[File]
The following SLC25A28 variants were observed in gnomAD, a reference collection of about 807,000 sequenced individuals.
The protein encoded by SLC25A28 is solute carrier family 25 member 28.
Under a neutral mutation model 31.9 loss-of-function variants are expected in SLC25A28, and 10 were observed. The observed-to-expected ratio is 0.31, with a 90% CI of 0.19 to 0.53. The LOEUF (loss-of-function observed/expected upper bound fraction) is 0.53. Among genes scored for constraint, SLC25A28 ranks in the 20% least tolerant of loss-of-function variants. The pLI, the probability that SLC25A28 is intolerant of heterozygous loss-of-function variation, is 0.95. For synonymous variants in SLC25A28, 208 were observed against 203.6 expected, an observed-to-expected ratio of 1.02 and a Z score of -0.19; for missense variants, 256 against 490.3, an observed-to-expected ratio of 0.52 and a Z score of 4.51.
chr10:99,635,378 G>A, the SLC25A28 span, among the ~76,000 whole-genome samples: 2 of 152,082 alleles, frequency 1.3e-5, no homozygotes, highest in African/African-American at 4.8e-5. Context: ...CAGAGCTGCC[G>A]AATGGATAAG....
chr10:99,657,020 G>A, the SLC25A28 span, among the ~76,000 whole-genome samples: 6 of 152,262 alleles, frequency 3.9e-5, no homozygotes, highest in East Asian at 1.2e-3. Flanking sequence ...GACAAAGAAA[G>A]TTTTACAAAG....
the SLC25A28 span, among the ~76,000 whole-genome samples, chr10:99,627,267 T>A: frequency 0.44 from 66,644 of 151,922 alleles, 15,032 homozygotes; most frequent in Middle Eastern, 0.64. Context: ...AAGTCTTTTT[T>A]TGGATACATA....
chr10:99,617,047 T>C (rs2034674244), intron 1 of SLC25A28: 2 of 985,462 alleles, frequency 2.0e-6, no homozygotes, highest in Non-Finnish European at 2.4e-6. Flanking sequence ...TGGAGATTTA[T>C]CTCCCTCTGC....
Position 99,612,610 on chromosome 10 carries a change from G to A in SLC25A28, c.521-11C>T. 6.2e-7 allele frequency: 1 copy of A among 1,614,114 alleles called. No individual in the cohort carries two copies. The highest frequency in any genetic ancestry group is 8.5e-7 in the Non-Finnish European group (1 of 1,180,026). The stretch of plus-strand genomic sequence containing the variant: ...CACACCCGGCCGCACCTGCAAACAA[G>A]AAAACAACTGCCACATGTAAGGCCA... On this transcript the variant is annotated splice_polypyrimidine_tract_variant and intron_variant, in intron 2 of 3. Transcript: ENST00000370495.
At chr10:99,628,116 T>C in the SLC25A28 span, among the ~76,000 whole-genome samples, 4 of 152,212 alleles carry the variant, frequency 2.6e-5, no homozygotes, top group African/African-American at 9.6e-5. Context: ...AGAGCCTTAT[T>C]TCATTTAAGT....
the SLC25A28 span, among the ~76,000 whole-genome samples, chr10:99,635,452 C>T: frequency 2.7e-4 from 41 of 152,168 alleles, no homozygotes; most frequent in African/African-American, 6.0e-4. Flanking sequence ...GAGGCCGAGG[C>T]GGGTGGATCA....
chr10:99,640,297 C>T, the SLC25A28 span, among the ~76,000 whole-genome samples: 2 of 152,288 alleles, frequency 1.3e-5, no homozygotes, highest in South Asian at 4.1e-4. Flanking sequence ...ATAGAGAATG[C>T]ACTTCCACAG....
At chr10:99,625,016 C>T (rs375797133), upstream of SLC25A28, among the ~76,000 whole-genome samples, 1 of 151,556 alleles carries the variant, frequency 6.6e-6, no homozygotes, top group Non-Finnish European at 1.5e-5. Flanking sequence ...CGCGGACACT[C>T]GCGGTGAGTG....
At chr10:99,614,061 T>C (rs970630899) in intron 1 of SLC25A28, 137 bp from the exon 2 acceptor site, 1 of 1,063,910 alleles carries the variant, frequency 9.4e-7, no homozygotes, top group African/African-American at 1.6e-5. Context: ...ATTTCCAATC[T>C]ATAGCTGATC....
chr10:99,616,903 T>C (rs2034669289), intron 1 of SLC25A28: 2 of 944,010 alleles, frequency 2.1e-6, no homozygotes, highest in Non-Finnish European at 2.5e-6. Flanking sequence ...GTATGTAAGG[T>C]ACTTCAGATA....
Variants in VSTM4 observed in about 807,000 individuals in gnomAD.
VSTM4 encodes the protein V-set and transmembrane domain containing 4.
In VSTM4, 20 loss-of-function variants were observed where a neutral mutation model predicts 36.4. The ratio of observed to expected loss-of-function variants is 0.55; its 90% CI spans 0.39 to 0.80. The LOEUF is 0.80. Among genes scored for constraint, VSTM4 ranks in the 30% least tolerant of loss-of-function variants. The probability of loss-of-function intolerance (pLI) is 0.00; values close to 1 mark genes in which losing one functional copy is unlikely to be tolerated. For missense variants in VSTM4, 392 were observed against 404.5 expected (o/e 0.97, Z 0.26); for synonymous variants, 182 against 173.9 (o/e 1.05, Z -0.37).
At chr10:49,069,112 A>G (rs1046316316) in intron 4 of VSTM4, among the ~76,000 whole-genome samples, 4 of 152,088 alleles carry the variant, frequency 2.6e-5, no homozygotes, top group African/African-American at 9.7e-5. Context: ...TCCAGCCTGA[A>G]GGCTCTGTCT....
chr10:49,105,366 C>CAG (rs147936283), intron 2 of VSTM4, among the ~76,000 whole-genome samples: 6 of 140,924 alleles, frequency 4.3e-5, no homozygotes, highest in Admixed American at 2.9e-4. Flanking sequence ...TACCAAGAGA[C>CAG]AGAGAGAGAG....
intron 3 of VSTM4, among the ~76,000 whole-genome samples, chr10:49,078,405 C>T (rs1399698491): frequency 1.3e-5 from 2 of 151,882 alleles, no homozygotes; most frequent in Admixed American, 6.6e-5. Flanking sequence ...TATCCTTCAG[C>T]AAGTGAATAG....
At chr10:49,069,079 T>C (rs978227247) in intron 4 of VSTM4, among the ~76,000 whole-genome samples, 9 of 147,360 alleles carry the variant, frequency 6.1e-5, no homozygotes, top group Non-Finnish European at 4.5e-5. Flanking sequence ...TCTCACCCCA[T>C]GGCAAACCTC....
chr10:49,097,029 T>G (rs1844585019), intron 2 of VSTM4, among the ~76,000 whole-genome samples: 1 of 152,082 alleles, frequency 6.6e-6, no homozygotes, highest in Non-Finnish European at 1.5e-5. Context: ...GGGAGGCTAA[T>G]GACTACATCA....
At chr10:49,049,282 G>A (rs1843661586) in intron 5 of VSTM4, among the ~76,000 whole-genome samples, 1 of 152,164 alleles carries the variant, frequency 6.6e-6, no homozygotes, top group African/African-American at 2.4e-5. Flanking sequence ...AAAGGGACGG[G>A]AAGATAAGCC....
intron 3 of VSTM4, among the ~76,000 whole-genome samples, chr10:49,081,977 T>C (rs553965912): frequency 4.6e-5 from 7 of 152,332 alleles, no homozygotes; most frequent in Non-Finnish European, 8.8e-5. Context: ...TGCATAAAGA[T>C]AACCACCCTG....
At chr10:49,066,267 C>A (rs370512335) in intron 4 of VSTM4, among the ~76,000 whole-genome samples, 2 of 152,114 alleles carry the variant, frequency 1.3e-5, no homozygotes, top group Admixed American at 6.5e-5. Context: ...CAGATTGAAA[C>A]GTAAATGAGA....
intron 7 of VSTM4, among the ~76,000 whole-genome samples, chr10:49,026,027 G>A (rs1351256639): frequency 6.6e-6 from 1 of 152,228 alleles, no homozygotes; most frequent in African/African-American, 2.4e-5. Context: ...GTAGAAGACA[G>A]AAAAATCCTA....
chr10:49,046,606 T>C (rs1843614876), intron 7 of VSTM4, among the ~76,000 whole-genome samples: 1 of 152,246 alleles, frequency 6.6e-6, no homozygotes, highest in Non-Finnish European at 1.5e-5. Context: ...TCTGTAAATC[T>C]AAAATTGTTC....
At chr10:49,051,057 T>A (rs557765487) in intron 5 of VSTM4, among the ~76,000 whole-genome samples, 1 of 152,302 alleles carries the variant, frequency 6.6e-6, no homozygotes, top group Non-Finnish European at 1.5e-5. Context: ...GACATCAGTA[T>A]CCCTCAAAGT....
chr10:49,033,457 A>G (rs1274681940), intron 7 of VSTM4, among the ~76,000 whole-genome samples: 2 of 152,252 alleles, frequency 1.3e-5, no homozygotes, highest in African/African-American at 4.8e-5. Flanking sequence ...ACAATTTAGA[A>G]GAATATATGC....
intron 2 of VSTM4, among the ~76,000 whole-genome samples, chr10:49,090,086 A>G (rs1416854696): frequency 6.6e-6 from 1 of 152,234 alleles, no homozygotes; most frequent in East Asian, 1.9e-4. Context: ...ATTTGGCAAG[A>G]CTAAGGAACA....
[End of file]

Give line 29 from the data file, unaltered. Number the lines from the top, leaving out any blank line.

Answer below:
chr10:49,033,457 A>G (rs1274681940), intron 7 of VSTM4, among the ~76,000 whole-genome samples: 2 of 152,252 alleles, frequency 1.3e-5, no homozygotes, highest in African/African-American at 4.8e-5. Flanking sequence ...ACAATTTAGA[A>G]GAATATATGC....